Pfelders / Plan
From the south
Pfelders / Plan lies in the Pfelderer valley. This is a side valley of the larger Passeier valley. From Italy, head for the Timmelsjoch, which lies at the end of the Passeier valley, but before crossing the pass, go left to Pfelders / Plan in the village of Moos in Passeier.
From the north
Coming from the north, there are two options. Either enter Italy on the Brenner highway and then at Sterzing, just over the border, go west to the Timmelsjoch. Alternatively, take the scenic route down the Ötztal and over the Timmelsjoch and, after crossing the pass, go right to Pfelders / Plan in the village of Moos in Passeier.
Hochwilde seen from the southwest, from Roteck. The ridge between north and south summit is clearly visible, with the southern one on the far right. The small rocky ridge on the left is Annakogel.
Did you see that the peaks in the center are lighter? These are the Mittlerer Seelenkogel and part of the Hinterer Seelenkogel, 4 km further back.
Partschins / Parcines
Partschins / Parcines is a small village in the Vinschgau valley, a few kilometers west of the pleasant town of Meran / Merano, which can be reached by train from all directions. There is a bus stop at the Texelbahn valley station, or you can take a local train to Rabland / Rablá, right next to Partschins and walk to the Texelbahn in half an hour.
Pfossental / Val di Fossi
The Pfossental is a side valley of the Schnalstal / Val Senales. The entrance is close to the pretty small village of Karthaus.
Just like the Pfossental, the Schnalstal is a dead end too: the only way in is from the Vinschgau valley, at Kompatsch / Compaccio.
When To Climb
Summer and early fall are the season for hiking up to the south summit from Italy, or traversing the grade II ridge. The best period is from June to September, as long as there isn't too much snow. In 2007 for example, a big cold front resulted in a lot of fresh snow in the Alps early September, creating serious avalanche risk and making the southern route too dangerous.
In late winter and in spring it is possible to ski down the mountain to Obergurgl, but not quite from the summit.
The Hochwildehaus (2883 m) is the usual starting point for climbers of Hochwilde from the north. In the background are Spiegelkogel and Ramolkogel.
Camping is not allowed. The nearest huts are:
, 2883m, DAV Karlsruhe
, 2480m, DAV Karlsruhe
Stettiner Hütte / Rifugio Petrarca all'Altissima
, 2875m CAI
Lodnerhütte / Rifugio Cima Fiammante
, 2259m, CAI
Note: Early 2014, the Stettiner Hütte was struck by an avalanche. It has reopened for day visitors, but until further notice staying overnight is not possible. For information about the latest situation, check the site of the hut.
Maps and books
Alpenvereinskarte Ötztaler Alpen 30/1 Gurgl, scale 1:25 000 is indispensable when coming from the north.
There are quite a few suitable maps covering the Texel Group to the south. A very good free one, scale 1:50 000, is available at the Texelbahn cable car station.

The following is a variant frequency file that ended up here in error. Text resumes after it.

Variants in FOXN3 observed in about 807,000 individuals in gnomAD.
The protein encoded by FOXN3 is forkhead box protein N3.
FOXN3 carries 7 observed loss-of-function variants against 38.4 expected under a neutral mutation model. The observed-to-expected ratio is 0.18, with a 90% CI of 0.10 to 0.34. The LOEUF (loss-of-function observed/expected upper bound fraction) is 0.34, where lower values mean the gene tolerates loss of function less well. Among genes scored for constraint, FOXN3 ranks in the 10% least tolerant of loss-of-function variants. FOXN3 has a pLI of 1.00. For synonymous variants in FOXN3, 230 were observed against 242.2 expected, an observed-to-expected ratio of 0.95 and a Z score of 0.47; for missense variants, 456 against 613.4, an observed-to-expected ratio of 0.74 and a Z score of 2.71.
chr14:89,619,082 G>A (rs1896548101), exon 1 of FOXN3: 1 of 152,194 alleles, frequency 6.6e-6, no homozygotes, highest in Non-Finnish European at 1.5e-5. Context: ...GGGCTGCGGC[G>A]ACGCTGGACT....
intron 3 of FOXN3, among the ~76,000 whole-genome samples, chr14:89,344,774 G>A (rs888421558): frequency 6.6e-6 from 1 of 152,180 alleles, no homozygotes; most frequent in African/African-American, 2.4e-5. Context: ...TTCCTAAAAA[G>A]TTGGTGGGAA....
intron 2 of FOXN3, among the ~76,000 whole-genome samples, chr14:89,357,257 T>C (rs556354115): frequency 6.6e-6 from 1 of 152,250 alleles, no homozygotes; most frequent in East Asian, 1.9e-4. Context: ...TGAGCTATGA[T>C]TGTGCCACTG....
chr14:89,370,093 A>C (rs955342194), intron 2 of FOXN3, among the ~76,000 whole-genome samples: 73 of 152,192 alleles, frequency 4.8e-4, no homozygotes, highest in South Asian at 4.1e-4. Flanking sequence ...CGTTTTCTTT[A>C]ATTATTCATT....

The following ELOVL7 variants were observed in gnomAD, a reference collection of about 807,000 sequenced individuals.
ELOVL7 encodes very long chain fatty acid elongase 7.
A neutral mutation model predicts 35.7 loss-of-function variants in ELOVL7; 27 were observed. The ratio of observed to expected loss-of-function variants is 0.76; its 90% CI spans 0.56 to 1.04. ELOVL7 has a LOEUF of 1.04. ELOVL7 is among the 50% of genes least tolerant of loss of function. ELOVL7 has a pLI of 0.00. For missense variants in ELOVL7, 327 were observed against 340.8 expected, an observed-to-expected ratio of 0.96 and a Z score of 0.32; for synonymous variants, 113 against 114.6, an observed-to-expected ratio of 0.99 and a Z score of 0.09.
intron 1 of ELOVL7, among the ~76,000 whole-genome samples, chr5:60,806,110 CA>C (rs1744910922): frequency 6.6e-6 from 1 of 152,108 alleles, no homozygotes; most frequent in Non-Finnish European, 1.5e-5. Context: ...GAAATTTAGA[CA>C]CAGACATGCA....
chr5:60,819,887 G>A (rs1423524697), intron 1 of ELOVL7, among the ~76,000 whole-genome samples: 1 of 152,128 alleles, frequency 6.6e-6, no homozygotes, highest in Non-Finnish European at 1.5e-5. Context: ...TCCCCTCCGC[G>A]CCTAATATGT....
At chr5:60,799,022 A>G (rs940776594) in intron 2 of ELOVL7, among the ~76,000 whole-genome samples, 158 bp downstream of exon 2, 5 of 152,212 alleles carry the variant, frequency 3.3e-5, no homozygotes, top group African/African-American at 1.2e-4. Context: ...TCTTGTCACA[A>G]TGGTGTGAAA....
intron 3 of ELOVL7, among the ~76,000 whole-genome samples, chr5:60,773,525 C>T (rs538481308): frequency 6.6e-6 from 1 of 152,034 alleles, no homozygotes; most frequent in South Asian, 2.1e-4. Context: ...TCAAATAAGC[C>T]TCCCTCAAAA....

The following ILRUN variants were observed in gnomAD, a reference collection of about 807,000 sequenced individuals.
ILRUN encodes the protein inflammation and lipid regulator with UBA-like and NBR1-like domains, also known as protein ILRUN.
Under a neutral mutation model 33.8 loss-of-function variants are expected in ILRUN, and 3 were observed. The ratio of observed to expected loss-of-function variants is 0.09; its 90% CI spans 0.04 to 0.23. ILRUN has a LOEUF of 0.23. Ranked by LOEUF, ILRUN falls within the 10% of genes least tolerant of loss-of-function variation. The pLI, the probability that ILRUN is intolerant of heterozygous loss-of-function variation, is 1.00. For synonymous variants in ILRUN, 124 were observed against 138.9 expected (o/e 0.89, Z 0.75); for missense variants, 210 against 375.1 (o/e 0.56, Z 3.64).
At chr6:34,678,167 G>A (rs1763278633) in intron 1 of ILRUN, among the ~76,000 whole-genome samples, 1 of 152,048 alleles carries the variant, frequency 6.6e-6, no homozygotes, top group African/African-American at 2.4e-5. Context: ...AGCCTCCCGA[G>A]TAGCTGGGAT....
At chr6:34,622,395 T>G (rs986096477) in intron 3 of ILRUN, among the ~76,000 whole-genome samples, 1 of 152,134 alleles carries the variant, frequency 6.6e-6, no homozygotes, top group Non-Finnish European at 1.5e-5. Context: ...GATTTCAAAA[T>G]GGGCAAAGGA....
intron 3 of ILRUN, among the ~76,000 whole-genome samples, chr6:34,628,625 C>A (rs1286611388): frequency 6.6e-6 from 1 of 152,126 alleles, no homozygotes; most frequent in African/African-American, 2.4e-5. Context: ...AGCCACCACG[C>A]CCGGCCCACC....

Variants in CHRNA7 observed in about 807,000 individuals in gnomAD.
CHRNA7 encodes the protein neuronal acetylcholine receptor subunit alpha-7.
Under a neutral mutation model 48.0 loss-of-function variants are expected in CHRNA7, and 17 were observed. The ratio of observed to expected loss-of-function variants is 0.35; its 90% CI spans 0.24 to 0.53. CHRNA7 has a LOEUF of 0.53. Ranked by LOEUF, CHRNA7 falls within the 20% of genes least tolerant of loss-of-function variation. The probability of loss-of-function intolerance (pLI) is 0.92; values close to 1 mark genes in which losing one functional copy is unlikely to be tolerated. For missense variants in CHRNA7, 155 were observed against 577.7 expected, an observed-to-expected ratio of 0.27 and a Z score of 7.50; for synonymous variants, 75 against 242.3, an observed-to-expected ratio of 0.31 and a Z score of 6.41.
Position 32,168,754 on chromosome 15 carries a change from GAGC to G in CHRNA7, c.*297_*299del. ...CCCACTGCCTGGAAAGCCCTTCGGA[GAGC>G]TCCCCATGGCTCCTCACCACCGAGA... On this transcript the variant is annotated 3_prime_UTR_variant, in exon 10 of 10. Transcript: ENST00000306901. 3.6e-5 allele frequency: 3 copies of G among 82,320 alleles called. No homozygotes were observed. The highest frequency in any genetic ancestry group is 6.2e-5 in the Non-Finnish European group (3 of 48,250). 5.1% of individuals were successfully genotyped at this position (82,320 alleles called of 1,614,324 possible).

Alpenvereinsführer Ötztaler Alpen, Walter Klier, 2006. ISBN 3-7633-1123-8.
The Hochwilde towering 500m over the diminutive Stettiner Hütte
Normal route from the south
From the Stettiner Hütte, a marked hiking trail leads all the way to the south summit. In some places it is very exposed, and unless you are very secure in difficult terrain, a rope is not a bad idea.
After a rockfall incident in 2008 high on the route and the ensuing investigation, it was decided the old route was too dangerous. A new route has been constructed recently, avoiding the dangerous area, and is open for business now. The new route still has the same name as the old one: "Grützmacher-Steig".
Normal route from the north
Normally starting at the Hochwildehaus, the route from the north leads over the Gurgler glacier to the northern base of the rocky ridge. From there it's just a short climb to the northern summit, followed by almost 400m along the ridge to the south summit (UIAA grade II), secured by cables. This route is frequently combined with the traverse of Annakogel and is called the "Gustav-Becker-Weg".
In winter and early spring it is possible to ski down all the way to Obergurgl by a couple of different, very long routes. One route follows the Langtalereck Ferner, starting well below the south summit, and also a bit north to northeast, another follows the Gurgler Ferner from just below the north summit.
Looking down the Langtalerferner from the Südliche Hochwilde
Tour description with pictures (in German)
- The excellent Passeiertal site (in German and Italian) provides a lot of information about the area in general, as well as many details about the recent changes to the normal route from the south.
- In winter Obergurgl is a ski resort, so, not surprisingly, winter activities dominate the site.